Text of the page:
Opening Your Home and Your Hearts

When people hear that we are an adoptive family and that we do foster care, we often hear things like, “I could never do that. You are a saint.”  OR, “You are such an angel.  There will be extra treasures for you in heaven.”  OR,  “You are changing these kids lives.  You are such a special person.”  The thing is, I don’t feel like we are special, I don’t think we are getting any extra blessings in heaven, and I am certainly not a saint and neither is John. We struggle like everyone else in our marriage, in our parenting, and in our fostering. We get tired. We are short with one another and selfish.  We’ve gone too far in discipline, sinned in anger, had to humble ourselves and apologize to bio parents, social workers, and our own foster children.  We’ve questioned our ability to do any of it and whether we should continue on to the next placement.  We are not special.  We are very ordinary, sinful, oh so sinful, people.  So why do we do foster care?  Doesn’t it take very special people?  The answer is NO.  In fact, it takes very ordinary people who struggle in their own sin but want to continue to strive towards Christ-like character, who can exemplify what it means to face their own failures and then humble themselves before God and others to model dependence on His glorious grace and forgiveness to us. 

Families who have entered foster care (the biological parents and their children), do not need perfect, saint-like people.  In fact, those kind of people (who don’t really exist, they just pretend to be that awesome) don’t belong in foster care.  What good will it do a broken person with little to no self worth to have a foster parent who seems to never do anything wrong and exudes self righteousness?  Most likely it will do more harm than good.  Broken people will not only see a healthy lifestyle to be unattainable and therefore not worth pursuing, but it will cause them to cast doubt that a merciful God could have compassion on such as they when they are so far removed from the model of a perfect foster parent.  Surely God will save the righteous, but what about someone broken like me?  Families in foster care need the vantage point of seeing people that they look up to make mistakes and learn from them.  They need to see what humility and seeking honest forgiveness looks like.  They need to see a model for dealing with anger that does not include physical violence, verbal abuse, or shutting people out.  They need oh-so-ordinary people in their lives.  They need to be told that we are no better than they; we are just coming from different backgrounds and choices.  They need to see that you are not their judge and that you are no more deserving of Christ’s love and forgiveness.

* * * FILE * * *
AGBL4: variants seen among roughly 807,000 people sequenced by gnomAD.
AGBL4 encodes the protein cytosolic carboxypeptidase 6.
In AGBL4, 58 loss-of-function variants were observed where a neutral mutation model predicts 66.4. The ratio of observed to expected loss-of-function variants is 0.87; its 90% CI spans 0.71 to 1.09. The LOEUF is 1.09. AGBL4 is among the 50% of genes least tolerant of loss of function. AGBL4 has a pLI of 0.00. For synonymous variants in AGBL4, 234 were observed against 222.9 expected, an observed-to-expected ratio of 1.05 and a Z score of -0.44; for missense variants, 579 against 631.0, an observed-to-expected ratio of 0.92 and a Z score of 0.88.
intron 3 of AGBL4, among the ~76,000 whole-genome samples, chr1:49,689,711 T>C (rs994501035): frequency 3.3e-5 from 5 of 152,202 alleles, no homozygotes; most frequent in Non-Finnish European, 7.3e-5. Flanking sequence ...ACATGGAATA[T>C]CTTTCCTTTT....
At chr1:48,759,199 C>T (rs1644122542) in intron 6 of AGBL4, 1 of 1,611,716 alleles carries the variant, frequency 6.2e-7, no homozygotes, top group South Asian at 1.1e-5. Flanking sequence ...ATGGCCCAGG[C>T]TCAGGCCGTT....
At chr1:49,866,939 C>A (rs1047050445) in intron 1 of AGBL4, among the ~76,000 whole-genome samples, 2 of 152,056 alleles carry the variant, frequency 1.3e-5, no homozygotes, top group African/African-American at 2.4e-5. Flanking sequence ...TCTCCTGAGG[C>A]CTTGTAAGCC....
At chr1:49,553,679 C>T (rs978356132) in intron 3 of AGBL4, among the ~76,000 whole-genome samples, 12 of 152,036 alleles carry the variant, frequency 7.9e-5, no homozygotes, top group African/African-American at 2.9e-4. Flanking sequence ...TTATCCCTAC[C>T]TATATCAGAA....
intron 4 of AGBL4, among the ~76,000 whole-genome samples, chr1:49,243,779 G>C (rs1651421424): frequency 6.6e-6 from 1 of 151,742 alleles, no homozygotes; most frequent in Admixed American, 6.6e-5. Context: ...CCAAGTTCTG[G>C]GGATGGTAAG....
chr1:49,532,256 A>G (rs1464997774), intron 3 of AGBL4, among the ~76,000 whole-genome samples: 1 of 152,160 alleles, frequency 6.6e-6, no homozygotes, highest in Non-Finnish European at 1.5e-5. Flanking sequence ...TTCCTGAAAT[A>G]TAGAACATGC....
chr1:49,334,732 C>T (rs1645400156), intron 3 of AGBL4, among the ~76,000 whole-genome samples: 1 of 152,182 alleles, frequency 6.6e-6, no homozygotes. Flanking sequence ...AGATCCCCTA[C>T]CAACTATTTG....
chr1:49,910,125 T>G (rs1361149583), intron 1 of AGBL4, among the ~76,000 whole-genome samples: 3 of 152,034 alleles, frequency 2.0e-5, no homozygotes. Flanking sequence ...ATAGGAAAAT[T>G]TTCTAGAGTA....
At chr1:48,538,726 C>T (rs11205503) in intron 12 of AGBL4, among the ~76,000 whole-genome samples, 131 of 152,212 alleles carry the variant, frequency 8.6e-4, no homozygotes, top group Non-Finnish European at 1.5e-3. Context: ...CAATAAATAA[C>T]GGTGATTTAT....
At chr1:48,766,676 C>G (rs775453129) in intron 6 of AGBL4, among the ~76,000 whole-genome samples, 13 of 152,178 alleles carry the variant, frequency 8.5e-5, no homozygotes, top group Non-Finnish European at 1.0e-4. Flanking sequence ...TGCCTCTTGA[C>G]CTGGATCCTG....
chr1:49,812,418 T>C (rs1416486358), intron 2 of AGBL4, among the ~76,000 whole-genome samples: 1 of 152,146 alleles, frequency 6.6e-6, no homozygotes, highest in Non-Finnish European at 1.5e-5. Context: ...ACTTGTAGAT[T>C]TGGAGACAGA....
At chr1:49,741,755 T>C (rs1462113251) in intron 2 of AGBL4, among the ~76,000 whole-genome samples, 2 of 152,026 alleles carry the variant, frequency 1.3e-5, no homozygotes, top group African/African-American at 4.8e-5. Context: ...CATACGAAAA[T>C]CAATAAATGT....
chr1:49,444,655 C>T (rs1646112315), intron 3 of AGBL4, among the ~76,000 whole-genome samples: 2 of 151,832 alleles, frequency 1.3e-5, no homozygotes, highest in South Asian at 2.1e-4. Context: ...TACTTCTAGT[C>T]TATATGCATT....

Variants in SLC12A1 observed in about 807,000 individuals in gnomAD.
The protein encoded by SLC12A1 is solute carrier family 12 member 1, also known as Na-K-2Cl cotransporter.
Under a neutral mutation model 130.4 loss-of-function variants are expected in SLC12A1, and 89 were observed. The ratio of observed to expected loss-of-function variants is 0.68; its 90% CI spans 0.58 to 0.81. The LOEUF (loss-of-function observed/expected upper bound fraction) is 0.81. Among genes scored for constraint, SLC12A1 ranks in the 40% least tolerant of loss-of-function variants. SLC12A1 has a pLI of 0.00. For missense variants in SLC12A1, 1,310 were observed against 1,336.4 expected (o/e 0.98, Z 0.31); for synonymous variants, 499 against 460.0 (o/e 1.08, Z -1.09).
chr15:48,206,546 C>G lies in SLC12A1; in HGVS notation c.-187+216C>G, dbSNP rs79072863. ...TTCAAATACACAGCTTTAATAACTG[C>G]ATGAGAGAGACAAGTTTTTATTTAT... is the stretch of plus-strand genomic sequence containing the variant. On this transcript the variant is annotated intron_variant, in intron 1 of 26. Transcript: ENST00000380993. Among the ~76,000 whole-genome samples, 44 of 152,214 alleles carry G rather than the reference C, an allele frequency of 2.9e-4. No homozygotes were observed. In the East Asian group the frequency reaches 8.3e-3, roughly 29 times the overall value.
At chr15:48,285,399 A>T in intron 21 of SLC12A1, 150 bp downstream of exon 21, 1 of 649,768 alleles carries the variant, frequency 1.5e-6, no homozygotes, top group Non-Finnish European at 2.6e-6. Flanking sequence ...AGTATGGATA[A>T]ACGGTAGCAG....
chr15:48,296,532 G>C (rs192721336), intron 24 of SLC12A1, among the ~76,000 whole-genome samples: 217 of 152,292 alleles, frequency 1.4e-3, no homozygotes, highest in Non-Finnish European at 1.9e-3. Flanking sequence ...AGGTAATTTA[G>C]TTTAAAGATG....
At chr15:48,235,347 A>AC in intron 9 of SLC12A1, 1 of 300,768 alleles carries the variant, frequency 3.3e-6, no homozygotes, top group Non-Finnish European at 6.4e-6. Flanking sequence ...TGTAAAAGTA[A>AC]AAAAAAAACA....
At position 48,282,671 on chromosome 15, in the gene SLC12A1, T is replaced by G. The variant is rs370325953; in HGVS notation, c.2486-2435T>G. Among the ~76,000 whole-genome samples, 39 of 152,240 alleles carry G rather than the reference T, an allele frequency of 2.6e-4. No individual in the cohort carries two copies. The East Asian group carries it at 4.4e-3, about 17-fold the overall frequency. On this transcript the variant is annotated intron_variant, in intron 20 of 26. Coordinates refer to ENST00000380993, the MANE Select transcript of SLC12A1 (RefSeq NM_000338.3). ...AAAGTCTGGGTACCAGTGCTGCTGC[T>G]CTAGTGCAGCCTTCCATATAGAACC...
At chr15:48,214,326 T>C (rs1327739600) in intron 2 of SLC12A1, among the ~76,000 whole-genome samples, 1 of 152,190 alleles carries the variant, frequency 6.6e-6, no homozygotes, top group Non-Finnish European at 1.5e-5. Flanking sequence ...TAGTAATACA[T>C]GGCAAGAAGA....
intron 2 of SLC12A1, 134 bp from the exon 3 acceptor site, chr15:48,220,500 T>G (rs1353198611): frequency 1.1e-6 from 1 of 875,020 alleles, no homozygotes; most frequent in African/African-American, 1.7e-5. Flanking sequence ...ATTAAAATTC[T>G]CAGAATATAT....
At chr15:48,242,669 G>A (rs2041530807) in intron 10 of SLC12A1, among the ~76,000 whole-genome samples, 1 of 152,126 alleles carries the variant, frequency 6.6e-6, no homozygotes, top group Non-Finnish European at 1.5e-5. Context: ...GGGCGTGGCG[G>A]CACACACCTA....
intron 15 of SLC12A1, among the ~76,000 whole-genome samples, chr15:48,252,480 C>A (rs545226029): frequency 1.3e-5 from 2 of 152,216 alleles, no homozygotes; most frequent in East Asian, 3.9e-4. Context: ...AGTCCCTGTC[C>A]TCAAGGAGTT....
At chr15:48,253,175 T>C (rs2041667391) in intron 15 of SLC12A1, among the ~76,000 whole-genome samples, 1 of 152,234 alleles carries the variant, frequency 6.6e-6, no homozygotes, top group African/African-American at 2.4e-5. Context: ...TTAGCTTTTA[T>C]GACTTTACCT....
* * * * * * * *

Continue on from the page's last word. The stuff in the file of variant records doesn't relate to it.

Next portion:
How do you achieve this openness with the families?  How do you the acknowledge the abuse and horrors that have at times befallen these sweet children and move beyond it to genuinely love the people who may have inflicted the pain? How do you move from wanting to shield and protect these children to whole heartedly supporting reunification?  It is actually pretty simple.  Be open and engage them in your reality and pray, pray, pray for them.  

When you enter foster care, you come into it with certain expectations of what you think it could be like.  Perhaps you come into it imagining children in drug houses, with no food, sexually and physically abused, dirty, and needing to be loved.  Perhaps you imagine parents who can’t possibly love their children if they would choose drugs and addiction over their babies or let anger cause them to strike their children.  Perhaps you dream of being the loving saviour to these babes, rescuing them from horrific circumstances and then being the beneficiaries of forever gratefulness and hearts of love for your choice to love them.  Some of these circumstances could be true, but very rarely are they accurate or give a complete picture of truth.  It certainly has not been true in any of our placements.  More than that, being a foster parent is about grace and hope: not self gratification.

How quickly we discover our misconceptions and prejudices. The simple fact is that many of these parents are just modelling the way they were raised.  Conflicts were often dealt with in physical violence and sexual abuse is just part of the gang lifestyle that they might have grown up in.  Some were in foster care themselves or lost siblings to foster care.  They do drugs because their parents did drugs, or a boyfriend introduced them to it and they learned to sell it in their early teen years.  Addiction is such a powerful thing and cannot be put in a sentence with a lack of love.  Bio families often come in ready to do battle with foster parents because they have been taught that foster parents are their enemies – self righteous and full of judgement.  It is up to us to prove them wrong and make them aware of their own misconceptions.